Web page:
DENVER (AP) — Sampling of drinking water sources throughout Colorado found no levels of a class of toxic chemicals that exceed nonbinding standards set by the U.S. Environmental Protection Agency, the state health department says.
But higher levels of the chemical compounds, called perfluoroalkyl and polyfluoroalkyl substances, or PFAS, were discovered in several groundwater sources, according to the Department of Public Health and Environment.
PFAS have been used for decades and have been linked to a growing number of health problems. On a national level, water sampling shows the contaminant — also called “forever chemicals” because they will take thousands of years to break down — has seeped into many public water systems, including around military bases and industries.
The chemicals are found in a range of goods, including nonstick pans, stain-resistant clothing, dental floss and food containers. They also are in firefighting foam used by the military to battle jet-fuel fires.
Their discovery at Colorado's Buckley Air Force Base, around Colorado Springs and near an oil refinery in suburban Denver prompted the state study, The Denver Post reports.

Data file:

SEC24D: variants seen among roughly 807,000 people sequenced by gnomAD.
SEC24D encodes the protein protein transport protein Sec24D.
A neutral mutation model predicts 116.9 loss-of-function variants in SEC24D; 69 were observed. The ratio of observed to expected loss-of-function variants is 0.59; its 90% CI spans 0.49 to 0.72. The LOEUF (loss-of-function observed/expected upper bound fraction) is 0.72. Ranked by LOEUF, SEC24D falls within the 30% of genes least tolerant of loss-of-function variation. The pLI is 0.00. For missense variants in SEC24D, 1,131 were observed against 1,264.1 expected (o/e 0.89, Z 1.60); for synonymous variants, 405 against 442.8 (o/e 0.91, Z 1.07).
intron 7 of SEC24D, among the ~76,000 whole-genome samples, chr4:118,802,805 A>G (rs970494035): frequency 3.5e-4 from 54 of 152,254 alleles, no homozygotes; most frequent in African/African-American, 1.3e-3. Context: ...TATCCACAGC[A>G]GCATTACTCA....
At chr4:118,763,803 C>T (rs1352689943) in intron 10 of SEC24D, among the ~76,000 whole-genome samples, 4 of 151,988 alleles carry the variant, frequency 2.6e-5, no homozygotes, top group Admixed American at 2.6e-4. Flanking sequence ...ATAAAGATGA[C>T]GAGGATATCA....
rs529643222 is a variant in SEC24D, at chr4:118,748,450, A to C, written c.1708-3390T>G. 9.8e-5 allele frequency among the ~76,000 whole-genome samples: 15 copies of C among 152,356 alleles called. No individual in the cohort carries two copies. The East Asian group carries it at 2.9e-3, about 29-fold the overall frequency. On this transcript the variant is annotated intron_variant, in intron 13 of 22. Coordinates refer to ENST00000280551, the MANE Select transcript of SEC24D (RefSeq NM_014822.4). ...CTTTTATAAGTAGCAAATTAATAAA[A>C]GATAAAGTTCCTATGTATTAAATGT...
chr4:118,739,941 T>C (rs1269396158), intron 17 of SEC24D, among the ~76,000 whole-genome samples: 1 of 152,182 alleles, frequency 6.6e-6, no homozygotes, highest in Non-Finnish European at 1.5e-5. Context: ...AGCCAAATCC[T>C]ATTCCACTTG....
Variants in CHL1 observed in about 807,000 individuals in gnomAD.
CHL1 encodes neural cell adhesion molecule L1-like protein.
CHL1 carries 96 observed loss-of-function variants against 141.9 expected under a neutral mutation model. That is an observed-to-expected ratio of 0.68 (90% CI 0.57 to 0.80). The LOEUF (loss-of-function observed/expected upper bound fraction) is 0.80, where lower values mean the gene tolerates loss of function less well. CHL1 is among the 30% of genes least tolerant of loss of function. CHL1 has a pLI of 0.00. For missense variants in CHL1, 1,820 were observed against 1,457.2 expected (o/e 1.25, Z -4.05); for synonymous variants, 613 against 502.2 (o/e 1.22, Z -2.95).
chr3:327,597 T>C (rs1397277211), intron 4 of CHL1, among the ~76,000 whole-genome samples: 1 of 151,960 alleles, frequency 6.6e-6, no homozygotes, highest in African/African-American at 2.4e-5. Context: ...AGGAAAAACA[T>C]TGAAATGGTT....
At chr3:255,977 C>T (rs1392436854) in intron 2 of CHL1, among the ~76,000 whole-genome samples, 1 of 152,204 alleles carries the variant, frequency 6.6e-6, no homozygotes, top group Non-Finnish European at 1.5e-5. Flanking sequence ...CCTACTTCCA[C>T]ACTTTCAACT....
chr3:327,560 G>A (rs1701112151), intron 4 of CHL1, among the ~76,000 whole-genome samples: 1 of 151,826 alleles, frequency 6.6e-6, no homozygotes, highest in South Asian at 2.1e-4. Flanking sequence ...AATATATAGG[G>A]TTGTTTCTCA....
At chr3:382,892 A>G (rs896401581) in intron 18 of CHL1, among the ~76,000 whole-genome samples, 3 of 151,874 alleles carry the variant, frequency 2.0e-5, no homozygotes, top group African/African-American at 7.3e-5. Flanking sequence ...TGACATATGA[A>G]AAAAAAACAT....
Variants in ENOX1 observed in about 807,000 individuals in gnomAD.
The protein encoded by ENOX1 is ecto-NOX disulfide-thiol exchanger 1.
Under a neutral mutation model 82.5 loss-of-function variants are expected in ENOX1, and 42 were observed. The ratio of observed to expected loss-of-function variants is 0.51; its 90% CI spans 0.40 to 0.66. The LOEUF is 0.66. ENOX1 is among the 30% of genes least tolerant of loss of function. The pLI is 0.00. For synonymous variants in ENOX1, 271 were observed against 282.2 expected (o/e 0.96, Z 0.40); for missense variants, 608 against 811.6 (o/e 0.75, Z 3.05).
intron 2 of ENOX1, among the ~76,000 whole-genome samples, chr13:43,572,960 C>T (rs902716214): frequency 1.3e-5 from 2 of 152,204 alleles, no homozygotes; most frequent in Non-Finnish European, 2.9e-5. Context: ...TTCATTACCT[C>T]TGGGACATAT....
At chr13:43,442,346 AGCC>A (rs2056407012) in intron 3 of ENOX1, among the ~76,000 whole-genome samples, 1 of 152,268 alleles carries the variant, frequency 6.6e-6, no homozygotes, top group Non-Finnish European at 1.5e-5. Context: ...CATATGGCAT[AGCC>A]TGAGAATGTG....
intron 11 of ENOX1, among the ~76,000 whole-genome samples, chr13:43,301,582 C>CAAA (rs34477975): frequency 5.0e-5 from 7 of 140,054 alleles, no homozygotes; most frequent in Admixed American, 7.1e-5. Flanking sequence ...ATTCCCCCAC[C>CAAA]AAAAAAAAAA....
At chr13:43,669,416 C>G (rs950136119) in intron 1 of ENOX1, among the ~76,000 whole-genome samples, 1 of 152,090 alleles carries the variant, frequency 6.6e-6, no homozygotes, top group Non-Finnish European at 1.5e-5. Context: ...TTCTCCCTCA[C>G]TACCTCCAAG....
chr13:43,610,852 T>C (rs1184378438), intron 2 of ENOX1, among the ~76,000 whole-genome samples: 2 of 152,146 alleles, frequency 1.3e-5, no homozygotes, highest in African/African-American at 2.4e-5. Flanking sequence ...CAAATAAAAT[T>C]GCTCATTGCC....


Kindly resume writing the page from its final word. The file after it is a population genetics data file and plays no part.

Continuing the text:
State health officials sampled roughly half of the state's drinking water systems serving 75% of its population, along with dozens of groundwater sources, rivers and streams.
“The current results show that no drinking water tested above the EPA health advisory for two chemicals,” said Kristy Richardson, state toxicologist at the department.
The EPA announced in February that it plans to consider limits on the compounds.
State testing suggested that industrial operations discharging wastewater into rivers and streams could produce a buildup of PFAS.